Despite its newfound advantages, boasting still has one major drawback that hasn't really changed since Zeus's time. Boasters are dull company. This seems to be Jane Austen's main objection to them: indeed, her champion boasters are all crashing bores.

In particular Mrs Bennett's boasting in Pride and Prejudice is dismal because it is not about her, but about her children. It is so tempting for parents to go on about how clever and charming and sporty their children are: it doesn't even feel like boasting. But actually it strikes me as boasting of the worst sort, as it serves no useful purpose.

I have an otherwise amusing colleague who likes to tell people how his eight-year-old completes the Guardian crossword and that his 11-year-old is much enjoying Evelyn Waugh's Scoop. He has no idea quite how tedious he sounds.

But no doubt boasting is here to stay and in schools, it's now taught to boys and girls alike. My daughter came home the other day with a form she had to fill in to get a position on the sixth form charity committee. The form invited her to come up with three adjectives that described her and would prove her leadership skills were superior to those of her classmates. Christian humility, evidently, was not what was called for.

I hope school will teach my children to be good boasters - who can boast wholeheartedly when they need to, but otherwise shut up. They should be told to limit their boasting to occasions when they are trying to get onto a committee, get a job or become mayor of London. On these occasions caution must be thrown to the wind and the most extravagant claims made. The rule of thumb is to think of something that describes you at your very best, and then jack it up by at least half.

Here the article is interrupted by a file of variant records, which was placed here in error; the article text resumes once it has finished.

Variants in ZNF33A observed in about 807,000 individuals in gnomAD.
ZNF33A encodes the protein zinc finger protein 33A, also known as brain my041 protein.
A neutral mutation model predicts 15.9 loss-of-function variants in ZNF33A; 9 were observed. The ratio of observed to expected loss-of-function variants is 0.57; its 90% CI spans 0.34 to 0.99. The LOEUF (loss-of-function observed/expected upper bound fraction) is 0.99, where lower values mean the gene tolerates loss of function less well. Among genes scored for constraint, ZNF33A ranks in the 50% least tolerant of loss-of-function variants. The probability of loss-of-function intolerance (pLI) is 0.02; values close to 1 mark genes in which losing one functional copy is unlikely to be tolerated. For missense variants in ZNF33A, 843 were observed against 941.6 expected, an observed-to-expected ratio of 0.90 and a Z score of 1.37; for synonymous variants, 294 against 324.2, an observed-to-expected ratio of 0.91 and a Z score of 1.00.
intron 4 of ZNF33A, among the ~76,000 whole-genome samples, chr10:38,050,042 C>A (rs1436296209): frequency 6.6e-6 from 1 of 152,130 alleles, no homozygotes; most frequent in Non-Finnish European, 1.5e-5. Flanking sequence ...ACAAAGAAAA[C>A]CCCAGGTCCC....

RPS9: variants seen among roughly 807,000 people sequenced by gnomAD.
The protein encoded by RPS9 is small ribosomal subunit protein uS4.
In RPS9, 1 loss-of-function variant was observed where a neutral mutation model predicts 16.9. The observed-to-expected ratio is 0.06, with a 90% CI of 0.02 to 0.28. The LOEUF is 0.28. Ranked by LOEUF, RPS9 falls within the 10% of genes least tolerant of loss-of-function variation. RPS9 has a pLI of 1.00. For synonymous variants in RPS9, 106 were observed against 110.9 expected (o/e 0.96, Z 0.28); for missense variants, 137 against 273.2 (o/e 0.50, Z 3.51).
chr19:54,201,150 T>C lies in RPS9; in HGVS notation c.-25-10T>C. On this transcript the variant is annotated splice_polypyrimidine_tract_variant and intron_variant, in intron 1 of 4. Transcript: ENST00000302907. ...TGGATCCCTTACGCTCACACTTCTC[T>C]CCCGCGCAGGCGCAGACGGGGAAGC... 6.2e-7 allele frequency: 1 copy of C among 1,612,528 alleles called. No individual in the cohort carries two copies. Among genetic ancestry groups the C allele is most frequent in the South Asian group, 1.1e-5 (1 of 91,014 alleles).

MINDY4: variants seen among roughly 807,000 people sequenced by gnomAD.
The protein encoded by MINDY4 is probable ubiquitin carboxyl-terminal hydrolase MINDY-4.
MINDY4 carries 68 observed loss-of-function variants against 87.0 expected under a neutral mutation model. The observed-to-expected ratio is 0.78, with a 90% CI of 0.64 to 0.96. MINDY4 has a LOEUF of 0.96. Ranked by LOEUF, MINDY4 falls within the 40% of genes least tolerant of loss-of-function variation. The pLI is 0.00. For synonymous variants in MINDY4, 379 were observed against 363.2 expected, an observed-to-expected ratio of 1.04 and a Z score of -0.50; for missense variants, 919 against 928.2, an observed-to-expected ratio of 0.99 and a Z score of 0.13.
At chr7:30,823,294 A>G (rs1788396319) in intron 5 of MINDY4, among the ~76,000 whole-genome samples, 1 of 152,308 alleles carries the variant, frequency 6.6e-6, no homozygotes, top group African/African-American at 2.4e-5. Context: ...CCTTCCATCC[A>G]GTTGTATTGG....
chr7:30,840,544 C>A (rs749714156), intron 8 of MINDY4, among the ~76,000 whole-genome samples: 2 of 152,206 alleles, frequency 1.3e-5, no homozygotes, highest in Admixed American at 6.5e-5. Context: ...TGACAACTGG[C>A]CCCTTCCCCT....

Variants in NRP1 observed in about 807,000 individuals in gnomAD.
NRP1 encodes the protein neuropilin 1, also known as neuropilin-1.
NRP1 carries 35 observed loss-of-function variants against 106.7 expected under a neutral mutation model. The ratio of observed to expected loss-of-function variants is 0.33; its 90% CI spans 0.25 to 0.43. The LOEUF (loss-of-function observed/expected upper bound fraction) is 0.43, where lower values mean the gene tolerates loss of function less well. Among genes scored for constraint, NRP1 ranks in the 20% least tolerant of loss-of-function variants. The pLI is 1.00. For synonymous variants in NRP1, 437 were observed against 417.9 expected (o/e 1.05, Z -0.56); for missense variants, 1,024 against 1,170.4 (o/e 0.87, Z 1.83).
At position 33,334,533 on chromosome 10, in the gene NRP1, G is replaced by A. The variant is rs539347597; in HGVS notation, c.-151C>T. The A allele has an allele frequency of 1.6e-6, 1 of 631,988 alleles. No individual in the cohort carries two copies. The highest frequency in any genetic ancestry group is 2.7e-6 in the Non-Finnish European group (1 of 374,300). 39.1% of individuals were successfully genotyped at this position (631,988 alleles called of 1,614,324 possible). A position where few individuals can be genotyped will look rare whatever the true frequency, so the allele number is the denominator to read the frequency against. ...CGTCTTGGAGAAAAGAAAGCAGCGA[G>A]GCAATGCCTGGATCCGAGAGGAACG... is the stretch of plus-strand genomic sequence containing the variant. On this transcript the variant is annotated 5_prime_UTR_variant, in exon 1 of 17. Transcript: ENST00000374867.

The Apprentice shows us how to do it. One of the candidates claims he "gives 100%". This is as much as the laws of mathematics permit and more than the law of human nature does. Yet as others claim to be giving 150%, this means that the man who stuck to the limits of what is humanly possible ends up looking like a slacker.

Below is a selection of your comments.

I clearly remember my abysmal chemistry teacher, Mr Barton, reading out test results. Amazingly, I had come top of the class and although chuffed to bits, I tried to stay as composed as possible so as not to appear big-headed. Mr Bartons' response, to my eternal embarrassment, was to announce to the class that clearly I must be very full of myself if I reacted with such nonchalance to such a high mark. I'm not sure if this shows what a warped attitude we have to success, or what a really bad teacher Mr Barton was.